Online guitar tutorial to set your performance on fire
Budding guitar heroes can get a helping hand from hot new online tutorials created by audio engineers at Queen Mary, University of London.
15 October 2010
At a recent Music Hack Day, a team of young researchers designed HOTTTABS, an intelligent guitar tutor that automatically seeks out video tutorials and chords or fingering patterns for you to play all the hottest songs on the internet.
Mathieu Barthet from Queen Mary's Centre for Digital Music was part of the design team. He describes why they came up with the idea: "You fancy giving someone a surprise by playing a guitar song for them, but lack inspiration. Or you are really full of motivation but need a little help to know where to place your fingers to make sure you're on fire at the performance. We designed HOTTTABS to make it easy for you."
HOTTTABS is a one-stop-shop for amateur guitarists looking to learn a new tune. It searches for songs with a high 'hotttnesss' rating in Echo Nest, a well-known music database, then selects some appropriate video tutorials from YouTube and a range of guitar chord charts and tablatures (a musical score indicating instrument fingering), all automatically sourced from existing sites on the internet.
Mathieu explains: "The guitar tabs are clustered into three levels of difficulty based on an analysis of the chords needed to play them, and are shown in a 3D-tag-cloud style so you can visualise the main chords used and the available tabs at your preferred level of difficulty.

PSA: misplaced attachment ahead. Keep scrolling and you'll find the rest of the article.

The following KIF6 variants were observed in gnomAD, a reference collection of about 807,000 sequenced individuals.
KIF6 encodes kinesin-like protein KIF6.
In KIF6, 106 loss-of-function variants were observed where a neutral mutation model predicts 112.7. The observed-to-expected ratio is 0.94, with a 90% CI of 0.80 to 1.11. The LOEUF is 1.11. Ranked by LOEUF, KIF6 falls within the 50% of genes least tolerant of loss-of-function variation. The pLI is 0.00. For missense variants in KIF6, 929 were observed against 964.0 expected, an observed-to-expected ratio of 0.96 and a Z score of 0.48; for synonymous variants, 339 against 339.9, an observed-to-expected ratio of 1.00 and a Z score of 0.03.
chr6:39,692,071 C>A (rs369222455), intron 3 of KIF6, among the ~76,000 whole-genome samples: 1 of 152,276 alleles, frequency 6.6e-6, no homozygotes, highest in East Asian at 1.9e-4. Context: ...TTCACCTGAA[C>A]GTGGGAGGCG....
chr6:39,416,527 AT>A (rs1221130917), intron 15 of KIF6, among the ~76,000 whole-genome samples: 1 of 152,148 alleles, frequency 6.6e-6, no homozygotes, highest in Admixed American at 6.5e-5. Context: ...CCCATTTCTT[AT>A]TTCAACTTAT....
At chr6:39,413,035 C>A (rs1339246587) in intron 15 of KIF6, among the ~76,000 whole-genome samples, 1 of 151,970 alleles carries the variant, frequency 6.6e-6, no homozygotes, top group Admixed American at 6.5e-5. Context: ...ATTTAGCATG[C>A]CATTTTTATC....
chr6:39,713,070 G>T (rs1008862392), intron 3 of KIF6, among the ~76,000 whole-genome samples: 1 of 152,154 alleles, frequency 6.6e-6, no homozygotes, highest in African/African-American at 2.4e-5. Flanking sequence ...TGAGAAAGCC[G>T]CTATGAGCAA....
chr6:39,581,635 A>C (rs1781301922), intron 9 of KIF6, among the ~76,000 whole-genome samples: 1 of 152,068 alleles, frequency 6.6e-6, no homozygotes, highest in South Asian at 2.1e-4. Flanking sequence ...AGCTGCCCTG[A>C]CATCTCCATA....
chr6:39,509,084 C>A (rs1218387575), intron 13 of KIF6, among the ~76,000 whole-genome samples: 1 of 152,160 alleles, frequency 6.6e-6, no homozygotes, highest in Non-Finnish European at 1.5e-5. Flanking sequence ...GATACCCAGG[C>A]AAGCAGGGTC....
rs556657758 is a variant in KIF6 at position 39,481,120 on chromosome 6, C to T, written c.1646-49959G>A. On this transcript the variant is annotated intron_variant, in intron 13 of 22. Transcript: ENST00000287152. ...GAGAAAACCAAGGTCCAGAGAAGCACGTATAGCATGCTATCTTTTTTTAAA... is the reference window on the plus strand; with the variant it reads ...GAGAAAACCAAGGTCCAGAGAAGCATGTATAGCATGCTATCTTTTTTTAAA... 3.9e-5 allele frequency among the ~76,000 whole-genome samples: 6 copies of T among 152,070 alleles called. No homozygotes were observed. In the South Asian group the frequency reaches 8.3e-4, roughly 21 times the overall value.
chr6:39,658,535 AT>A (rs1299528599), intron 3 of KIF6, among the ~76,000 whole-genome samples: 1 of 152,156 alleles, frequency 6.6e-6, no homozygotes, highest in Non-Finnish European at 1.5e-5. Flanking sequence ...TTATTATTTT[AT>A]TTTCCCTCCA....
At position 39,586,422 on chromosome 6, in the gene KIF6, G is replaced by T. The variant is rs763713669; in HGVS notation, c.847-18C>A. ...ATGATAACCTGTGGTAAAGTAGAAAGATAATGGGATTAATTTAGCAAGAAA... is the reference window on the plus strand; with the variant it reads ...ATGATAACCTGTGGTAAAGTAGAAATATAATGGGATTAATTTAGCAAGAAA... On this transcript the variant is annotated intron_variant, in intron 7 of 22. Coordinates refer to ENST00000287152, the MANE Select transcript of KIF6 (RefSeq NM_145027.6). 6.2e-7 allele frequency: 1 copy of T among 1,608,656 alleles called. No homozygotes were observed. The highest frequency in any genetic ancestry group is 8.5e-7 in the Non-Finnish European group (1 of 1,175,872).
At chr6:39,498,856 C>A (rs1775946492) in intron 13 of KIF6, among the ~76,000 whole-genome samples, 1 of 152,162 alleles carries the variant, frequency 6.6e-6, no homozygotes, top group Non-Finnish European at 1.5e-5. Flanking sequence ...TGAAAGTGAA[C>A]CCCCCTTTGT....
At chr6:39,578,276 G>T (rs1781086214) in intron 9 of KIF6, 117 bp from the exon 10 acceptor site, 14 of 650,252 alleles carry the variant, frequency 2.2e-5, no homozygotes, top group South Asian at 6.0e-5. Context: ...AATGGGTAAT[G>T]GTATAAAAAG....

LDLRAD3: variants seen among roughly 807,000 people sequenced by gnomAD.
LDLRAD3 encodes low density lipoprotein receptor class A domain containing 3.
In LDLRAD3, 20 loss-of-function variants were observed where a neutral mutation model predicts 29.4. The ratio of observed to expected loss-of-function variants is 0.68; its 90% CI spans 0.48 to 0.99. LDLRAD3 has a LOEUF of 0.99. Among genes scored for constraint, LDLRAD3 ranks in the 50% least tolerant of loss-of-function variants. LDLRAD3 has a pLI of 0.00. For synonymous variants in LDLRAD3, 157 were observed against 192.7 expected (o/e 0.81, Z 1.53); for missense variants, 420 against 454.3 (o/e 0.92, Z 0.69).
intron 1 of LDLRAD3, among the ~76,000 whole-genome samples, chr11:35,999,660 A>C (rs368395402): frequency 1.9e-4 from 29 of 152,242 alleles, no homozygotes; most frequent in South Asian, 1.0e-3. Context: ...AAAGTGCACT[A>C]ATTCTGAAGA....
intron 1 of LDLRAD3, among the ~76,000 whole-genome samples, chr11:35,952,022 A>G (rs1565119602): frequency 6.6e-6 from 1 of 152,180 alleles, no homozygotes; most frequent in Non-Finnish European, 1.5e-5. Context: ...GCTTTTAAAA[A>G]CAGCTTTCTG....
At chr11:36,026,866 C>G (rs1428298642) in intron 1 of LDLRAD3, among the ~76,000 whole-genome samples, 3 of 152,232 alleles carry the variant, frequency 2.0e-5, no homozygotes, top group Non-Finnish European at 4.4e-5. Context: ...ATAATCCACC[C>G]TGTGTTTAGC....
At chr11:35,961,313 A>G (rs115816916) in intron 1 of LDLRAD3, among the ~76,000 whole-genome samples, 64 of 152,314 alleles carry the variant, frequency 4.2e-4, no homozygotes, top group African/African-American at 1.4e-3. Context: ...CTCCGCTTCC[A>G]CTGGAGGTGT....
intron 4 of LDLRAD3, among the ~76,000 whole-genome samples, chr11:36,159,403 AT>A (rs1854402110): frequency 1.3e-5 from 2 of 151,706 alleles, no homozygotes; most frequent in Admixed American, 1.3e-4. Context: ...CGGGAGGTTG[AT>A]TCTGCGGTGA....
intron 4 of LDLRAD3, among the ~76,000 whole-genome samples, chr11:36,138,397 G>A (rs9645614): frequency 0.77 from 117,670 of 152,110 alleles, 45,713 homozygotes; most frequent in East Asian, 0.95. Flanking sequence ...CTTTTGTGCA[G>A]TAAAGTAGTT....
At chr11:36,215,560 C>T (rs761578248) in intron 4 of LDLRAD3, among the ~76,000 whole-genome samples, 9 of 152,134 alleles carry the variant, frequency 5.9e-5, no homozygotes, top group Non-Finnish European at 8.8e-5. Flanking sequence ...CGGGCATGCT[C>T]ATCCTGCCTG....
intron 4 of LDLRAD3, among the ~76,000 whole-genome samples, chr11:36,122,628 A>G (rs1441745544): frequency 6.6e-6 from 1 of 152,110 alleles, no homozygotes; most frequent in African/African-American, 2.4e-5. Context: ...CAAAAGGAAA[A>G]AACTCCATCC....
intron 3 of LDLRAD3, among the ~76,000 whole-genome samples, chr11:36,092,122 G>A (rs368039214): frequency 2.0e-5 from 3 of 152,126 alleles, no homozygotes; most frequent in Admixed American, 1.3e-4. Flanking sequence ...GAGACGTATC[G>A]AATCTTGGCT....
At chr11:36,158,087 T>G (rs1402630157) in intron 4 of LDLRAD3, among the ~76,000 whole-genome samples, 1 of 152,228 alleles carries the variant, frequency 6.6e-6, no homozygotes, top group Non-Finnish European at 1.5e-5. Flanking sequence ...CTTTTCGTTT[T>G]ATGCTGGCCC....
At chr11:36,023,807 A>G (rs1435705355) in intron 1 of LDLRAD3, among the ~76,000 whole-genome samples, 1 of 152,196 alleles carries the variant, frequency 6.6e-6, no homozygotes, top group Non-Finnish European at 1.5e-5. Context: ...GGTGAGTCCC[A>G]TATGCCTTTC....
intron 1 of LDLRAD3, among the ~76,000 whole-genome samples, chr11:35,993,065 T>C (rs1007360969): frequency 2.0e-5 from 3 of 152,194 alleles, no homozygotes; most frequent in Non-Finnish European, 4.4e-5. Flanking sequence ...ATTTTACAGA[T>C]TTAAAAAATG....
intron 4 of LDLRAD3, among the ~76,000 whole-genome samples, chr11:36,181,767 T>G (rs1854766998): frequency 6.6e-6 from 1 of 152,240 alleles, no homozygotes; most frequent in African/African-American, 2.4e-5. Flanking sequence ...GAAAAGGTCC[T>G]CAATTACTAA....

"The next stage is to develop this into a slick guitar tuition application for smartphones (such as iPhone or Android handsets) or computer tablets with multi-touch graphical user interface (such as an iPad) to enhance the usability and the interactivity. We are applying for 'Proof of Concept' funding from Queen Mary Innovation Ltd to develop this application and more cool features like a 'Now it's your turn' game in which the performance of the user would be recorded and compared against the original track. We also hope to develop a chord fingering dictionary, and a module that automatically finds and displays the correct lyrics for the song."
Amélie Anglade, Mathieu Barthet, George Fazekas, Sefki Kolozali, Rob McCrae, Rebecca Stewart and Dan Stowell attended Music Hack Days in London and/or Barcelona, where they exhibited several new computer applications based on audio engineering technologies created at the C4DM, part of Queen Mary's School of Electronic Engineering and Computer Science.
The Music Hack Day is a global challenge for developers, designers and hackers who have 24 hours to conceptualise, create and collaborate on the next generation of music applications. The modern music industry is changing thanks to the growing amount of digital art content and research innovations that offer new ways to manipulate and distribute this content. The Engineering and Physical Sciences Research Council (EPSRC) funded project OMRAS2 (Online Music Recognition and Searching 2) led by the Centre for Digital Music has been one of the pioneer in that respect launching new audio feature extraction systems (Vamp plugins) and semantic web technologies, opening the doors of creativity to music application developers such as the BBC Music Introducing website, a site set up to support new artists.
For media information, contact:Neha Okhandiar
Public Relations Manager
Queen Mary University of London